Global elites took over 150 private jets to fight climate change in Davos
Business leaders, celebrities, billionaires and government officials traveled to the top of the World Economic Forum (WEF) last week, largely on private jets, according to a Fox News Digital analysis of flight data.
During the conference, which began Jan. 16 and ended Friday, at least 150 private jets flew to three of the closest airstrips near WEF headquarters in Davos, Switzerland, data shows. obtained from Flightradar24 flight tracking software. The data suggests conference participants released hundreds of thousands of pounds and thousands of metric tons of carbon through the use of their private jets.
“Europe is experiencing its hottest January days on record and communities around the world are grappling with extreme weather events fueled by the climate crisis,” Klara Maria Schenk, an activist with environmental group Greenpeace International, said in a statement. communicated prior to the conference.
“Meanwhile, the rich and powerful are flocking to Davos in ultra-polluting and socially unfair private jets to talk about climate and inequality behind closed doors,” she continued.
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Traveling by private jet is by far the most carbon-intensive mode of transportation. According to a 2021 report from the Transport & Environment group, they are about 10 times more carbon intensive than commercial aircraft and 50 times more carbon intensive than trains.
Flight data largely showed private jets flying into the region from several cities in Europe and others from the United States and Asia.
For example, on Jan. 15, a Gulfstream G650 jet was traveling from Salt Lake City, Utah, to Friedrichshafen Airport, a small airstrip two hours north of Davos. The nine-hour flight burned about 44 tons of carbon, according to an emissions calculator created by Paramount Business Jets.
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Another long-haul private jet flight — from West Palm Beach, Fla., to Friedrichshafen Airport on a Bombardier Global 6000 aircraft on Jan. 16 — burned about 42 tons of carbon. And a four-hour flight Friday from Baku, Azerbaijan, to St. Gallen-Altenrhein Airport on the same aircraft model emitted about 23 tons of carbon.
In comparison, the average human in the world has an estimated annual carbon footprint of four tons.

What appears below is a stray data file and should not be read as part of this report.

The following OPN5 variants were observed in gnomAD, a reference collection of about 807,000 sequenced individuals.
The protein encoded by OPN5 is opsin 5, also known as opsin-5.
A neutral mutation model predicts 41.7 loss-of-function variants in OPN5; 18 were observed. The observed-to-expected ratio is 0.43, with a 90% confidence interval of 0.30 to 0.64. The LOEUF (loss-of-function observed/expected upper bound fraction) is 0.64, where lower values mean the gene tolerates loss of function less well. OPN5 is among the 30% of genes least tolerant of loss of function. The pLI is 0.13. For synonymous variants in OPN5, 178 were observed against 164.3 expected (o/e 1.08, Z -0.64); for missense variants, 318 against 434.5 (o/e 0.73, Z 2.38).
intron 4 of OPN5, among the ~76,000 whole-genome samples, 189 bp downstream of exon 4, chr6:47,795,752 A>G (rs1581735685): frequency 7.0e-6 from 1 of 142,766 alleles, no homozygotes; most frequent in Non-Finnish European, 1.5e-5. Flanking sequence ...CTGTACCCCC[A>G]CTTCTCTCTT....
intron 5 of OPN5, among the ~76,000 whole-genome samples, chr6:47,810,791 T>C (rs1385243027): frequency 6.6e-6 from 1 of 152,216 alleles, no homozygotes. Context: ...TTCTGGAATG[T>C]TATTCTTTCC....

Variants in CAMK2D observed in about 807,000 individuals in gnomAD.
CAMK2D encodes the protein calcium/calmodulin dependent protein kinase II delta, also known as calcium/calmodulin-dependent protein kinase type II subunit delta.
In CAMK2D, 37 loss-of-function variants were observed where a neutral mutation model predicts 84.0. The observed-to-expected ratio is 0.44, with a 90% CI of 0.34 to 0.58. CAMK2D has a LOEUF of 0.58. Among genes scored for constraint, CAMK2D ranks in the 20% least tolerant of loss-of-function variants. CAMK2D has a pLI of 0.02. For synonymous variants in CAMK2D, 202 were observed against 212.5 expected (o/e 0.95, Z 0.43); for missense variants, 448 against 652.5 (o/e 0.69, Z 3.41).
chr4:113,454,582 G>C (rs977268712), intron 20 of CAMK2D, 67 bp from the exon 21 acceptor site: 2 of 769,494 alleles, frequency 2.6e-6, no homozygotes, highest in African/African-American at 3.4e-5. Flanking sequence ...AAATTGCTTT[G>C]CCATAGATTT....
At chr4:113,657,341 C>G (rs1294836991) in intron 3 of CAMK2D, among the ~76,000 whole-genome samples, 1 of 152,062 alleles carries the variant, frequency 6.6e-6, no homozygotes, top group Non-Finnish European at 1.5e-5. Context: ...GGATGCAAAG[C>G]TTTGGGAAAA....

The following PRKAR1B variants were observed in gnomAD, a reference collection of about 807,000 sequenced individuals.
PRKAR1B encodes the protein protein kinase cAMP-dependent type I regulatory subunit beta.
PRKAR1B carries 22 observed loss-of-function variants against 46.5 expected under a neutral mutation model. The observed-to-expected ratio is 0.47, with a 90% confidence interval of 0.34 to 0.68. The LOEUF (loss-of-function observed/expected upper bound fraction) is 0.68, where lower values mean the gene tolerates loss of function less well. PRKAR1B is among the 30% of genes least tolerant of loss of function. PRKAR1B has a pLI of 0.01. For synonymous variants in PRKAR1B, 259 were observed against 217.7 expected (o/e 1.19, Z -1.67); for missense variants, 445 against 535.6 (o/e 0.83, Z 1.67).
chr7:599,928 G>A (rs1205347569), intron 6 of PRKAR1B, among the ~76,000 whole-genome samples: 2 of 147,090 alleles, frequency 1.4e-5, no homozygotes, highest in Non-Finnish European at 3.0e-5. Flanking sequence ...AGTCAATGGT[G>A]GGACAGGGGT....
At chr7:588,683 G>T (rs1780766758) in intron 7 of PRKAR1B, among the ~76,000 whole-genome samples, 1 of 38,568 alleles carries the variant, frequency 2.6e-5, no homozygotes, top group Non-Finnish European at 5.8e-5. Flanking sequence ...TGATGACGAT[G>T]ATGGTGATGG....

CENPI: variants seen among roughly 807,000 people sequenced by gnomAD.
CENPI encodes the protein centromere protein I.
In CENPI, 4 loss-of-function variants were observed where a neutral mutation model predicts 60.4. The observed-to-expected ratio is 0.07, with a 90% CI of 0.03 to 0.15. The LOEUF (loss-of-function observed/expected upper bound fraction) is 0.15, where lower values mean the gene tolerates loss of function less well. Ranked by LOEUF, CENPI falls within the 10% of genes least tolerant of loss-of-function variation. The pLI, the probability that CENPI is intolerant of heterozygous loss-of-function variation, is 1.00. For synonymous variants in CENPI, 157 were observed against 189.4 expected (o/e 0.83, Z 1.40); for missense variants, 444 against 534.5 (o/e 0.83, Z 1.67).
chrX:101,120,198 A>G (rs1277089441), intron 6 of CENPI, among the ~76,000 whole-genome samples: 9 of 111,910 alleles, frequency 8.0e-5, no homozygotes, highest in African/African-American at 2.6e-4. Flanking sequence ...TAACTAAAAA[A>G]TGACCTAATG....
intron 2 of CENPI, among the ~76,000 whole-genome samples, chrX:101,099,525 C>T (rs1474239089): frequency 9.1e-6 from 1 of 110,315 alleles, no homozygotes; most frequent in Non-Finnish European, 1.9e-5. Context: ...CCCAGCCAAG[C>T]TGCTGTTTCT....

In addition, dozens of private jet trips tracked by Fox News Digital were short-haul flights from neighboring countries.
In one example, on Tuesday, an Embraer Phenom 300 jet flew just 31 minutes from Milan, Italy to St. Gallen-Altenrhein Airport. On Thursday, a Cessna 680A Citation Latitude flew 53 minutes from Prague, Czech Republic, to the same airport.
Other short-haul flights were from Buochs, Switzerland; Speyer, Germany; Frankfurt, Germany; Turin, Italy; Salzburg, Austria; Nice, France; Lyon, France and Cannes, France.
Meanwhile, the agenda of the WEF conference is largely focused on environmental issues such as climate change and achieving net-zero ambitions.. The conference program highlighted as a top priority “solving the current energy and food crises in the context of a new system for energy, climate and nature”.
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And several high-level climate activists and officials, such as the President’s special climate envoy John Kerry and former Vice President Al Gore, attended the summit and implored fellow attendees to redouble their climate efforts. .
“When you think about it, it’s pretty exceptional that we – a select group of people because of everything that has impacted us at some point in our lives – can sit in a room and get together and actually talk about saving the planet Kerry noted on Tuesday. “I mean, it’s almost strange to think about ‘saving the planet’.”
While the three airports – St. Gallen-Altenrhein Airport, Samedan Airport and Friedrichshafen Airport – analyzed by Fox News Digital are popular airstrips for people traveling to the WEF peaks, previous studies of private jet travel to Davos have tracked flights to four additional airports. including Geneva Airport and Zurich Airport, two major international travel hubs.
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Such surveys have found that between 1,000 and 1,500 private jets visited all of the surrounding airports near Davos during recent WEF summits. In 2019, the WEF responded to criticism, acknowledging that attendees had taken about 500 jets to the summit that year, but said attendees were “taking the environmental impact of their trip more seriously.”
“We have been offering participants incentives to use public transportation for a few years now,” the WEF said in a statement in January 2019. “We also ask them to share planes if they need to use it; which has gained popularity in recent years.
The WEF did not respond to a request for comment.
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